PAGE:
I primed everything with Alclad Grey Primer, but I could have used their black primer and saved me a painting step. Next time. I then painted my engine Tamiya NATO Black with some silver dry brushing. The RLM 02 parts were picked out here and ther

with some AK colors. The guns were painted in Model Master Titanium. Silver parts were painted with AK silver pastes which I was trying for the first time. They looked real nice over the NATO Black. I was happy with the results.

Test fitting the cowling in the model revealed that I needed to sand the back of the gun deck just slightly to get a better fit with the Brassin cockpit parts. Nothing drastic just thinned it a little bit. I did have to thin the forward cowling to get the oil cooler to fit properly. I also thinned the lower cowling slightly to make everything align perfectly and allow the fuselage to be connected without any force or coercion.

The engine AND the cockpit were added together. You MUST add the engine PRIOR to assembling the fuselage. I've built one of these engines before as Eduard instructs you but there is no physical way to add the engine the way they tell you. It is physically impossible. So that is why I say you MUST add the engine before you close up the fuselage. If you learn nothing else from this review this is that one thing.

I drilled out the supercharger hole in the cowling and the actual supercharger so that it was see through. Will anyone notice? Probably not but I do.

Adding the exhaust stubs is the hardest part of this not because it is difficult but because I'm a bonehead and installed one whole set on the wrong side. Then had to break them off and add them to the other side. I was not entirely happy with my results. This was all my fault and not the Brassin set. Once everything was said and done it looked really good.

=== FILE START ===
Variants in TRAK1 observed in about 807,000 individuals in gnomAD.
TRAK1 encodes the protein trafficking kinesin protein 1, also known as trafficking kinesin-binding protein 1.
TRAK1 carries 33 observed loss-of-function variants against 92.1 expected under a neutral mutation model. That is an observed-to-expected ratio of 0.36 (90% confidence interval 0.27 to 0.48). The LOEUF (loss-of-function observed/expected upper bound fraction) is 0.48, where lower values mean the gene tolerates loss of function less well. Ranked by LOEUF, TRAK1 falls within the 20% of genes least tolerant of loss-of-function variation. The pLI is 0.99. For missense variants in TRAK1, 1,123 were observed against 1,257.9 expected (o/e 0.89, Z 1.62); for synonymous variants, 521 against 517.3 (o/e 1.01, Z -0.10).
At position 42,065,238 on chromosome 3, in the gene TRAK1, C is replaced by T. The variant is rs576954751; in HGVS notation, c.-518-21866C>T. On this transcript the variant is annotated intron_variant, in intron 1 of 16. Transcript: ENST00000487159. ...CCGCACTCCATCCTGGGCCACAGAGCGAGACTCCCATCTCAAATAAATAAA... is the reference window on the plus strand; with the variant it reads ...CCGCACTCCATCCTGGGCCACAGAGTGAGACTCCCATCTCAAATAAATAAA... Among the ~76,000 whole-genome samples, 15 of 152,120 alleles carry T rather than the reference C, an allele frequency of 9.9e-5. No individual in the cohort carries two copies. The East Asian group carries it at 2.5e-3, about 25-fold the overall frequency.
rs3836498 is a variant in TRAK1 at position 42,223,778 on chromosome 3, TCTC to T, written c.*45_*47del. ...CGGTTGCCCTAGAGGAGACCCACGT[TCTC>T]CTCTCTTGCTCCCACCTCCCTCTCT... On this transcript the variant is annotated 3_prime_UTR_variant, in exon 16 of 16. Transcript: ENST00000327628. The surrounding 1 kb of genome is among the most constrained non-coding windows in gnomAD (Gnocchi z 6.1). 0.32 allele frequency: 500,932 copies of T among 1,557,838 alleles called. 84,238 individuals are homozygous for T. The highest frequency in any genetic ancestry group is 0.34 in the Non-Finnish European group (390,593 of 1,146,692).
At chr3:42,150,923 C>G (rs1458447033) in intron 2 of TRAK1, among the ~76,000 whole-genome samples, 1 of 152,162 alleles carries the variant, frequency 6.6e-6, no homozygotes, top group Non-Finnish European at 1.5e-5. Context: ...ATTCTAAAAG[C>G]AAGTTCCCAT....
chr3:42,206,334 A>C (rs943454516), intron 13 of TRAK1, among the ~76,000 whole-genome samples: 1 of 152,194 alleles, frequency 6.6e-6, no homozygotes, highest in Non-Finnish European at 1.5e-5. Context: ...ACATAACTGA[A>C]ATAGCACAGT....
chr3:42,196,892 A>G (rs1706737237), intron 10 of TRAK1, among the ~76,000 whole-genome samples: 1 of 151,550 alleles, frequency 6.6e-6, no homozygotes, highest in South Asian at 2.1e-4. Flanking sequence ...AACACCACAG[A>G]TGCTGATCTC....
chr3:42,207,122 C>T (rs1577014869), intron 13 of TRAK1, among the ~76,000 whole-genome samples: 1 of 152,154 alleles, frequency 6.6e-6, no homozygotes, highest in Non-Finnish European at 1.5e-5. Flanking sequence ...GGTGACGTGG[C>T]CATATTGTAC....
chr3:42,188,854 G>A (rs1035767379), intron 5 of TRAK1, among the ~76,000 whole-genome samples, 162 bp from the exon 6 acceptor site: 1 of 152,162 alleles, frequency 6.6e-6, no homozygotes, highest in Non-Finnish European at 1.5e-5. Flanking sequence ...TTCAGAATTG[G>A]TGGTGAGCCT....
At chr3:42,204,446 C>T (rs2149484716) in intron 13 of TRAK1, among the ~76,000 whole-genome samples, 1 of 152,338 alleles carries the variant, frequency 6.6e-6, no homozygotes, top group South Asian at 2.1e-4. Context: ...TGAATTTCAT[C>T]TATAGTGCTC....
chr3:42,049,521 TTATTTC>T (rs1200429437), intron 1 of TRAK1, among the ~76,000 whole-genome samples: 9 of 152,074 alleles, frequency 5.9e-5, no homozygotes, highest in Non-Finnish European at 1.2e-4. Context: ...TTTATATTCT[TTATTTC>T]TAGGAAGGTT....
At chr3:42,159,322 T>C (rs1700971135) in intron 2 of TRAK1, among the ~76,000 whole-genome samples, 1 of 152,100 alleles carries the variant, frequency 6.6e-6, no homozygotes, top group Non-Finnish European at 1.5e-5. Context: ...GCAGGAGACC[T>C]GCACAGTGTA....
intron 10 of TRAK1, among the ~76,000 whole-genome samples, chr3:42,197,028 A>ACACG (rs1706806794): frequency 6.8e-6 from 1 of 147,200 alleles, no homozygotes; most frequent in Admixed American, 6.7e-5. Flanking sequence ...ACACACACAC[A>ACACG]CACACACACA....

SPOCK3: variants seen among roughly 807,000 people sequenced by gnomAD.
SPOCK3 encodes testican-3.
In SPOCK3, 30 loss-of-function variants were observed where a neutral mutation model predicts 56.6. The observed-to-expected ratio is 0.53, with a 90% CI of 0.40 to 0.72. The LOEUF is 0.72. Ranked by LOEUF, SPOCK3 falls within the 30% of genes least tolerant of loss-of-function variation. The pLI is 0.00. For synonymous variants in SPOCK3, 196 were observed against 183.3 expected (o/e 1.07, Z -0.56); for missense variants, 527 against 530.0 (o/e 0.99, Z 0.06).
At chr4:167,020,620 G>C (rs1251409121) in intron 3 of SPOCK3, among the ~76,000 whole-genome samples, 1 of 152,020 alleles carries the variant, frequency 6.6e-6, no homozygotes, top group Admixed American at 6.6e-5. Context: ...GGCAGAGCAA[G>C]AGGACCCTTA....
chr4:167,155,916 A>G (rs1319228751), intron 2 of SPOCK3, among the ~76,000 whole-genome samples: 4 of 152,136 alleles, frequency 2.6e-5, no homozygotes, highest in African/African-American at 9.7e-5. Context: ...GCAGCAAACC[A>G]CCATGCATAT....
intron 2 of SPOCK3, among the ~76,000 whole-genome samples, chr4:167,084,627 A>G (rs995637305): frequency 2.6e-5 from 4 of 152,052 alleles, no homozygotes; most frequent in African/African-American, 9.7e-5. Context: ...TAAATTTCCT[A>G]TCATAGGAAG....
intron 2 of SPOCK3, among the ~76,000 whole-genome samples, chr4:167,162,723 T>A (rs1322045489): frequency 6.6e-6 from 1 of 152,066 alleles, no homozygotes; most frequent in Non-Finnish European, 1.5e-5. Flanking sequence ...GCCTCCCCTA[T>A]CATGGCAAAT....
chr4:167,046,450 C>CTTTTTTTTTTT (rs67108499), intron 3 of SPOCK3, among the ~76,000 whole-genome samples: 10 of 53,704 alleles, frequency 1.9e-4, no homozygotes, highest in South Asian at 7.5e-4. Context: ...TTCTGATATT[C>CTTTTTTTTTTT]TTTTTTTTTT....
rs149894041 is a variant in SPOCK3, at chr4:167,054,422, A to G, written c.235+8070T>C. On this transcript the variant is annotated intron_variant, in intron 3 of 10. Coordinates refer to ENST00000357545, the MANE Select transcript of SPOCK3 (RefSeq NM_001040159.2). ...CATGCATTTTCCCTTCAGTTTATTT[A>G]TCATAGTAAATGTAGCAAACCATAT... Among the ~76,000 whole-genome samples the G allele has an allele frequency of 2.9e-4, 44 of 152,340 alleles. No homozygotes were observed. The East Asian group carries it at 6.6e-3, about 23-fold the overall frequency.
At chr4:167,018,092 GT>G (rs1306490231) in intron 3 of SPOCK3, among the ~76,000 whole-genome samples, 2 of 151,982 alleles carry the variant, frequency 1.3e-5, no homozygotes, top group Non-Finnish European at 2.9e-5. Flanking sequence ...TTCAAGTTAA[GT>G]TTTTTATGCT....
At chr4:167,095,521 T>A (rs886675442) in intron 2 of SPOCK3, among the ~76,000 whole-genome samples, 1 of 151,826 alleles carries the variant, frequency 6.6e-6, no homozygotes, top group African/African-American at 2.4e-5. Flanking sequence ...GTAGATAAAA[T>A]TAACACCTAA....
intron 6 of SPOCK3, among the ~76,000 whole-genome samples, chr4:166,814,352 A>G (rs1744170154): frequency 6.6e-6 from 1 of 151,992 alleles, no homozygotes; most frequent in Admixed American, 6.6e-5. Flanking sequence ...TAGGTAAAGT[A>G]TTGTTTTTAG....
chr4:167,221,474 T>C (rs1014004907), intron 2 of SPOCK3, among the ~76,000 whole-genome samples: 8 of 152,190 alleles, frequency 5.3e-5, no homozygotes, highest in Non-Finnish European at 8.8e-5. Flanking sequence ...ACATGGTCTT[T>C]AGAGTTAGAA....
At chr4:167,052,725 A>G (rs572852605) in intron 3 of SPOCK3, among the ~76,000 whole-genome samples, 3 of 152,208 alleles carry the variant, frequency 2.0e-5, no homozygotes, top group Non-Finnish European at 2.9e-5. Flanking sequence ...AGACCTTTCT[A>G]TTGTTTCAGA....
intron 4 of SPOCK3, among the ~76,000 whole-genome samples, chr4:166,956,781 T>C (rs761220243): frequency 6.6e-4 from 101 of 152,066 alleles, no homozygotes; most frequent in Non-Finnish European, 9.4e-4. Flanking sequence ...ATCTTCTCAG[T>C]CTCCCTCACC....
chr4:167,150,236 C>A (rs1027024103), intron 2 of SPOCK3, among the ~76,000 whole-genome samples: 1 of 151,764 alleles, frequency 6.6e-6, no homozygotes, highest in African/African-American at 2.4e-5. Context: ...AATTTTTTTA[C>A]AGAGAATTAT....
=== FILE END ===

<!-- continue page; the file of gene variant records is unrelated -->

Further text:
Adding the cowlings to the finished model is pretty straight forward and with the Albion metal tubing for support that structure is pretty robust and sturdy.

I am impressed by the finished product and how fast that it actually went together. This mini-kit is a great addition to my Bf-109F-1. If you want to add that extra umpf to your kit this is certainly a way to do it. Was it easy? I thought so. It isn't for a beginner but I think that most modelers with some resin under their belts could make this kit. You will be required to have the solder to form the piping and some special tools but certainly, it is doable. DON'T FORGET TO ADD THE ENGINE BEFORE YOU CLOSE UP THE FUSELAGE. With the other things noted already, I'd say that this is about as easy way to get a detailed engine as there is out there. I love adding the engine to my Eduard 109. I do wish that the bottom of the engine was open sometimes but this is very strong and realistic looking when done. Take your time, test fit, proficient painting and patience and you will be rewarded with a realistic DB-601E/N.

Highly recommended

Thanks to Eduard and IPMS/USA for the review copy. You can obtain your copy by contacting Eduard at . You can also obtain a copy from your local hobby shop or online retailer.

  • Fuselage masked and ready for paint
    Fuselage masked and ready for paint
  • Engine assembly
    Engine assembly
  • Painted engine assembly
    Painted engine assembly
  • Painted engine assembly
    Painted engine assembly
  • Finished model with engine and covers
    Finished model with engine and covers
  • Finished model with engine and covers
    Finished model with engine and covers
  • Open engine covers
    Open engine covers
  • Finished model with engine and covers
    Finished model with engine and covers
  • Finished model with engine and covers
    Finished model with engine and covers
  • Finished model with engine and covers
    Finished model with engine and covers